I think that this is what, conversely, also accounts for the tremendous enthusiasm she has aroused among ordinary conservatives. They rightly see her as one of them, only better able and better positioned to stand up against the contempt and condescension of the liberal elites that were so perfectly exemplified by Mr. Obama's notorious remark in 2008 about people like them: "And it's not surprising then that they get bitter, they cling to guns or religion or antipathy to people who aren't like them or anti-immigrant sentiment or anti-trade sentiment as a way to explain their frustrations."
But how do we explain the hostility to Mrs. Palin felt by so many conservative intellectuals? It cannot be differences over policy. For as has been pointed out by Bill Kristol—one of the few conservative intellectuals who has been willing to say a good word about Mrs. Palin—her views are much closer to those of her conservative opponents than they are to the isolationists and protectionists on the "paleoconservative" right or to the unrealistic "realism" of the "moderate" Republicans who inhabit the establishment center.
Much as I would like to believe that the answer lies in some elevated consideration, I have reluctantly come to the conclusion that the same species of class bias that Mrs. Palin provokes in her enemies and her admirers is at work among the conservative intellectuals who are so embarrassed by her. When William F. Buckley Jr., then the editor of National Review, famously quipped that he would rather be ruled by the first 2,000 names in the Boston phone book than by the combined faculties of Harvard and MIT, most conservative intellectuals responded with a gleeful amen. But put to the test by the advent of Sarah Palin, along with the populist upsurge represented by the Tea Party movement, they have demonstrated that they never really meant it.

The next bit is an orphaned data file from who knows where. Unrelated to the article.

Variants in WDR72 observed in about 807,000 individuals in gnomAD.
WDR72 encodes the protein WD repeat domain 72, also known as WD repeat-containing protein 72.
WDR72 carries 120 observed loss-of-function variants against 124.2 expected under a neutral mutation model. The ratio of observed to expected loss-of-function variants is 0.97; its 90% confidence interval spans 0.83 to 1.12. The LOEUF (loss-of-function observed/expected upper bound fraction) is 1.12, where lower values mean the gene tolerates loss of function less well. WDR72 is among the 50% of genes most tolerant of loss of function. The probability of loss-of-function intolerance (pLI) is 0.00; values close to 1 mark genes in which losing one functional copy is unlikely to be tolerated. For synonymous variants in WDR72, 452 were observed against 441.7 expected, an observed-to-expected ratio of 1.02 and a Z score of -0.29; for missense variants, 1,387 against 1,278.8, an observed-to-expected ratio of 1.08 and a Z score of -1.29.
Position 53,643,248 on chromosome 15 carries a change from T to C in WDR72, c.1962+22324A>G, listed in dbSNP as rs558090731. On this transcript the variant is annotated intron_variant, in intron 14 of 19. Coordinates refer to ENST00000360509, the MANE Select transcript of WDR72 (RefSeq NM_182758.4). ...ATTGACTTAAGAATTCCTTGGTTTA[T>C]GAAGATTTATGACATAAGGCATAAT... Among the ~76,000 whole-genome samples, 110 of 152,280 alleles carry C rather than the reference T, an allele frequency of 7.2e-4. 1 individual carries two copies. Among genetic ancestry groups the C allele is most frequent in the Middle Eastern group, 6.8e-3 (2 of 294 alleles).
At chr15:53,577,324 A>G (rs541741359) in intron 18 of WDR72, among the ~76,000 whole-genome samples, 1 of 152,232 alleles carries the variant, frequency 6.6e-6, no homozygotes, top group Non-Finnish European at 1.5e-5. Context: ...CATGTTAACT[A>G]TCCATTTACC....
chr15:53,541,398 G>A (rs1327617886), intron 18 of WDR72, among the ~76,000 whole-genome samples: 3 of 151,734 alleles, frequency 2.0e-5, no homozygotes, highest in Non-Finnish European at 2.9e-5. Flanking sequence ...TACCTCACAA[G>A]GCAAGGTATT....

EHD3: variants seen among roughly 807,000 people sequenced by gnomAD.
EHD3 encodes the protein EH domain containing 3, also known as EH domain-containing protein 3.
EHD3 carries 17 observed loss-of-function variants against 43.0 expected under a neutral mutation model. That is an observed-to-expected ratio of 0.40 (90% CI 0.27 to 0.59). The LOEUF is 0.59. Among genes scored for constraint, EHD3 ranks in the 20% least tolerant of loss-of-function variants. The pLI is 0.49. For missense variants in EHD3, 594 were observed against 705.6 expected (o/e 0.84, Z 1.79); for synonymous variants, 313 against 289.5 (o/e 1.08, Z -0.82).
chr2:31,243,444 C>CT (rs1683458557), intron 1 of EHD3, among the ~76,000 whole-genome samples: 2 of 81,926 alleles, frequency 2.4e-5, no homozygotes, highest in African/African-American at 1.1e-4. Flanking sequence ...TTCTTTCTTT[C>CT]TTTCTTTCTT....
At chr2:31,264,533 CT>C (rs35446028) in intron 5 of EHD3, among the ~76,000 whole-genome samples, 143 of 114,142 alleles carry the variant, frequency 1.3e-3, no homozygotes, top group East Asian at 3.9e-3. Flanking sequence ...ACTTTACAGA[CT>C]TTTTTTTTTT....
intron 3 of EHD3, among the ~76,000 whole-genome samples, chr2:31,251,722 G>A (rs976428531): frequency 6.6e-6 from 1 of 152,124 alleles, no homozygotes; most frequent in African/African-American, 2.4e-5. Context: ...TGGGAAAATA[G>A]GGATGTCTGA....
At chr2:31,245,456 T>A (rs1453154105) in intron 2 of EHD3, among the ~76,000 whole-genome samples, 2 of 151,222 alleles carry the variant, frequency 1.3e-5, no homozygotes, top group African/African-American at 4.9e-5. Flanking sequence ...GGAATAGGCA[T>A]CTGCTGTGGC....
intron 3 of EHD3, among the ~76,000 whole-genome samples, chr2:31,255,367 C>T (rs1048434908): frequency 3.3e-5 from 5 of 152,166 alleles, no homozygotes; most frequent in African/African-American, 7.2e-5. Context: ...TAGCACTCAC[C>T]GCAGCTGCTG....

Whether Buckley himself really meant it may be open to question, but it is certain that his son Christopher (who endorsed Mr. Obama) does not now and probably never did. Listen to the great satirist who blogs under the name of Iowahawk, writing in the fictional persona of T. Coddington Van Voorhees VII, son of the founder of The National Topsider, which he describe as a "once respected conservative magazine" now controlled by a bunch of "state college neanderthals."
"For more than a year," Van Voorhees tells us, "I have warned that . . . the conservative movement risked abandonment by its few remaining serious intellectuals"—"luminaries" like "the vivacious [Washington Post columnist] Kathleen Parker, Dame Peggy Noonan, and those two mighty Davids of conservative letters, Frum and Brooks"—and "being overrun by the unsightly hordes of Wal-Mart untermenschen typified by the loathesome 'Tea Party' rabble" with their "base enthusiasms and simian grunts. As is now obvious, events have proven me right."
I fear that the attitude satirically exaggerated here by Iowahawk is what underlies the rejection of Sarah Palin by so many conservative intellectuals. When push came to shove, they could not resist what Van Voorhees calls Mr. Obama's "prodigious oratorical and intellectuals gifts" and they could not resist attributing Sarah Palin's emergence as a formidable political force to "the base enthusiasms and simian grunts" of "the loathesome Tea Party rabble."
As for me, after more than a year of seeing how those "prodigious oratorical and intellectual gifts" have worked themselves out in action, I remain more convinced than ever of the soundness of Buckley's quip, in the spirit of which I hereby declare that I would rather be ruled by the Tea Party than by the Democratic Party, and I would rather have Sarah Palin sitting in the Oval Office than Barack Obama.